Last week, the Veterans Airlift Command held their annual dinner and fundraiser in San Diego, CA. A number of organizations that are involved in assisting veterans participated in the event.
For those not familiar, the Veterans Airlift Command is a non-profit organization founded to provide free air transportation to post 9/11 combat wounded veterans and their families. Through a national network of more than 2,000 volunteer aircraft owners, pilots and crew donating all of the aircraft operations, the VAC helps wounded veterans who often cannot travel via commercial airlines.
Our flight department at Carrington was privileged to transport a number of veterans and their families to the VAC event. Carrington donates aircraft to the Veterans Airlift Command as well as to other charities such as the Corporate Angel Network (transporting cancer patients to and from treatment centers). For the past three years, Carrington Charitable Foundation has also hosted a golf tournament to benefit the Veterans Airlift Command as well as housing projects to benefit the catastrophically wounded. Next Columbus Day, October 6, 2014, the Carrington Chairitable Foundation will host our fourth annual golf event to support the VAC and other charities focused on supporting our bravest.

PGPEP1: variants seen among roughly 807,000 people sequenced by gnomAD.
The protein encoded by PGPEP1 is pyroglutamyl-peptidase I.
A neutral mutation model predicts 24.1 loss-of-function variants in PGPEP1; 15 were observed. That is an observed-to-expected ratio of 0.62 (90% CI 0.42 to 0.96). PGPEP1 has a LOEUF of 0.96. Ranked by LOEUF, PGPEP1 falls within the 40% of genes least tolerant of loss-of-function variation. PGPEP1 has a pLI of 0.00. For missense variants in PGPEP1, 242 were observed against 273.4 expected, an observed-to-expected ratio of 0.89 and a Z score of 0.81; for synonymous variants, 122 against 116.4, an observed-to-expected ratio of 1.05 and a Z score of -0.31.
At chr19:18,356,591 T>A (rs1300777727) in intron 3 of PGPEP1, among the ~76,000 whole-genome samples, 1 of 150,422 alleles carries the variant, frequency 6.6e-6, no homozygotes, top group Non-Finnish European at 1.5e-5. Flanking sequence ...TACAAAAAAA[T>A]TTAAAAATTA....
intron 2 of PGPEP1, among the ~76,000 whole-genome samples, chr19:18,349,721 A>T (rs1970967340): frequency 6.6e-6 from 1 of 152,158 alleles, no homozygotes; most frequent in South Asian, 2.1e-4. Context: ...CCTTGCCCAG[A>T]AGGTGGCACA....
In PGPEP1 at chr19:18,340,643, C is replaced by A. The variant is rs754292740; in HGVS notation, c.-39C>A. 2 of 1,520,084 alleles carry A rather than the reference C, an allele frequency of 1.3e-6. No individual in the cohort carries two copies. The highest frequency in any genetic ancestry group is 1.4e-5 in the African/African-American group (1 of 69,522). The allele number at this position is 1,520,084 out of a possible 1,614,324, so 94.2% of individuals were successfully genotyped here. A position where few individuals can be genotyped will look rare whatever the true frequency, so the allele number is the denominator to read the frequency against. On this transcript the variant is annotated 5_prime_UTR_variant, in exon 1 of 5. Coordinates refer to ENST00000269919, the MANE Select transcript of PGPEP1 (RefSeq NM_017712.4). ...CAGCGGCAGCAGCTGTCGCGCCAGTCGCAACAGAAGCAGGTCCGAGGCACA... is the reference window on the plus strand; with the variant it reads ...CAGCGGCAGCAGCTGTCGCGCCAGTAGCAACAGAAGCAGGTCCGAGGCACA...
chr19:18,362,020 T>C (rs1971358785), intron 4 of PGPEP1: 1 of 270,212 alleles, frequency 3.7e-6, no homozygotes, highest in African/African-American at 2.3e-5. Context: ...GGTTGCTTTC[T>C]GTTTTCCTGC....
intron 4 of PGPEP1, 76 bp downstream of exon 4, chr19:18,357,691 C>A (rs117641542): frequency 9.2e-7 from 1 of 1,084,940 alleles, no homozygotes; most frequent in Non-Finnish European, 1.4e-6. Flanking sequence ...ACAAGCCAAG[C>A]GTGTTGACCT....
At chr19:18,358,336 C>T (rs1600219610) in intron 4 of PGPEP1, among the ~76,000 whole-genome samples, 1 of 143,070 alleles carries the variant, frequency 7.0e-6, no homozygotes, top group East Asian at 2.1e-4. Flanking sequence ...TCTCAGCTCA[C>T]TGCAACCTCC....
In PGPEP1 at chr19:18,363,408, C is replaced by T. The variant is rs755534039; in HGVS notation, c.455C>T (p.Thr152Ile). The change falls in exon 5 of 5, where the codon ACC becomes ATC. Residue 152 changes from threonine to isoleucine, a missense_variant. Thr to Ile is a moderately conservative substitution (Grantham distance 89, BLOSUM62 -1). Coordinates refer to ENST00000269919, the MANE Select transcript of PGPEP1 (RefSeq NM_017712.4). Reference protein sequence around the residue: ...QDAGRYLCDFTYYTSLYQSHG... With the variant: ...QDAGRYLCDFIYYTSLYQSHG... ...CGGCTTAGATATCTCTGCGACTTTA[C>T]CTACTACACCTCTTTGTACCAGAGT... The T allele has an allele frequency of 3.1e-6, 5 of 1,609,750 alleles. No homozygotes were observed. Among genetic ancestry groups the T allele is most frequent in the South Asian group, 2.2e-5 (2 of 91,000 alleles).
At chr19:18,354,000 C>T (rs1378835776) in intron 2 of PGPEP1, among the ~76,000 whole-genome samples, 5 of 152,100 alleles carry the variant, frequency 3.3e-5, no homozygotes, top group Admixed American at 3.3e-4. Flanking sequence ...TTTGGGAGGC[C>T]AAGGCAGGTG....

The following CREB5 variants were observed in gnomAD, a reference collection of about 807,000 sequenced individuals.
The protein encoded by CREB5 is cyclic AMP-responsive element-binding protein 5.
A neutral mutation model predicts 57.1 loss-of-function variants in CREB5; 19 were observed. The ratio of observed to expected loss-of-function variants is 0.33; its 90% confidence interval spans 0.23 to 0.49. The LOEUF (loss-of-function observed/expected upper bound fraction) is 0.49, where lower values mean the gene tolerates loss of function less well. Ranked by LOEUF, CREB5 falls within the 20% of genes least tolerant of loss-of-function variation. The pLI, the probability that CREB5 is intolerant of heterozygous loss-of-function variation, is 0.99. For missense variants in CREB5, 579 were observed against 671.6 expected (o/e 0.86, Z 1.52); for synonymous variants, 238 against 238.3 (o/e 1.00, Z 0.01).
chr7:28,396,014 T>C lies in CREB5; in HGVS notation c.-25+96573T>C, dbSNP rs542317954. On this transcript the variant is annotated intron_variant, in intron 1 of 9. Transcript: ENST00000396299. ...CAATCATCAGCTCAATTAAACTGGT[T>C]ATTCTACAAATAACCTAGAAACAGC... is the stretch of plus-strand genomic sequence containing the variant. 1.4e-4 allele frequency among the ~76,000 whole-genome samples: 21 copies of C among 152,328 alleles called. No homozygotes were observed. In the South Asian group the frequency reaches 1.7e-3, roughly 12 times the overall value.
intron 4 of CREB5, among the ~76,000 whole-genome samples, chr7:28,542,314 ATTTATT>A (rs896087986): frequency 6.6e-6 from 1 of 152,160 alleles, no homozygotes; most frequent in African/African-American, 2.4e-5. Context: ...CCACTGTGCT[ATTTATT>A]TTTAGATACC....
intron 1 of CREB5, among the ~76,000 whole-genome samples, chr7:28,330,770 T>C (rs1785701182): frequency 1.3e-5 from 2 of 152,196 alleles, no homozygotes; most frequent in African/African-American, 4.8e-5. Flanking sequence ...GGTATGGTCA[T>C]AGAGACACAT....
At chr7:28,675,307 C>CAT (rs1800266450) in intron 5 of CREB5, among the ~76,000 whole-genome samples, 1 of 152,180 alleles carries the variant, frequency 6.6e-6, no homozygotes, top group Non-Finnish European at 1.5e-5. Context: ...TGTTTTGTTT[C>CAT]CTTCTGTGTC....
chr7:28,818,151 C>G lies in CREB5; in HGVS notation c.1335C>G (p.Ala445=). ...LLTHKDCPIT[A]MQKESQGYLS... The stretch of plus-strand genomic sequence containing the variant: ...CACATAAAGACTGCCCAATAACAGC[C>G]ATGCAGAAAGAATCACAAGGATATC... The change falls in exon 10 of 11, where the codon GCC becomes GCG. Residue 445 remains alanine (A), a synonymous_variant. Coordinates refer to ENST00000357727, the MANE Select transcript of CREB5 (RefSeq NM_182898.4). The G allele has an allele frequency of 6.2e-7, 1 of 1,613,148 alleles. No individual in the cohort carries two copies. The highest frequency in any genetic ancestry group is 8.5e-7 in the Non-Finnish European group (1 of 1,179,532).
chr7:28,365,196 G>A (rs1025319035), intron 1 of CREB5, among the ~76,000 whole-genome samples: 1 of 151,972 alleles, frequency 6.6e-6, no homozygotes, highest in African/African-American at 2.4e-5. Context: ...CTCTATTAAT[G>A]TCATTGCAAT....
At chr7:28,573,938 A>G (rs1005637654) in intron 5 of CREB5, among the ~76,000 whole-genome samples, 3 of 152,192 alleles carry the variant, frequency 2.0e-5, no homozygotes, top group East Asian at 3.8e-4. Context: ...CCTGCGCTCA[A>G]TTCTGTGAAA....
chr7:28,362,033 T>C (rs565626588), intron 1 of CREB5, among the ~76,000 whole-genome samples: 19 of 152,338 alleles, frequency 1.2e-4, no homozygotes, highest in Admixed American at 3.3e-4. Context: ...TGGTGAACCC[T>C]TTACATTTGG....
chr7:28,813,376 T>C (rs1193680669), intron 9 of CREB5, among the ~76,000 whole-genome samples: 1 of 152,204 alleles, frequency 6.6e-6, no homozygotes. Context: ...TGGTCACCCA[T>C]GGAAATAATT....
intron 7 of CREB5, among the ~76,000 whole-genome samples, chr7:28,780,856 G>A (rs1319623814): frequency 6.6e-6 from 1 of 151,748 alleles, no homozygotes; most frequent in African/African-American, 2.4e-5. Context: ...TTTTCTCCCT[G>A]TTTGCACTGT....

This year, in addition to the VAC, Carrington Charitable Foundation raised money for the Gary Sinise Foundation and the Stephen Siller Tunnel to Towers joint venture — Building for America’s Bravest, building Smart Homes for our most catastrophically injured service members returning home.
Steven Siller was a New York City Fireman who was going off duty and heading home to Staten Island just before the 9/11 attack. When the first plane hit the World Trade Center, Steve Siller turned around, picked up his gear and ran back through the Brooklyn Battery Tunnel until he met a fire truck. When traffic in the tunnel stopped the vehicle, he ran the rest of the way to the Trade Center. He ultimately gave his life while trying to save others when the second tower of the World Trade Center collapsed on top of him. Like all our men and women in uniform, in the military and in the emergency services, Steven Siller ran toward the danger rather than away and sacrificed his life in the line of duty.
The past weekend, my colleagues at Carrington, including our CEO and Foundation Chairman, flew several Wounded Warriors and their spouses home from the VAC event.
Our honored passengers included US Navy Petty Officer Taylor Morris and Danielle Kelly; US Army Spc. Andrew and Tori Smith; US Marine Corps Sgt. Michael with his wife, newly commissioned US Navy Ensign Monica Frazier; and our dear friend US Army Master Sergeant (Ret) John Masson. You may not know these names, but each of these soldiers gave their arms and legs to protect our freedom on battlefields half way around the world. Despite the challenges that these heroes face, they and others make time to help us support the VAC and other charities by telling their stories.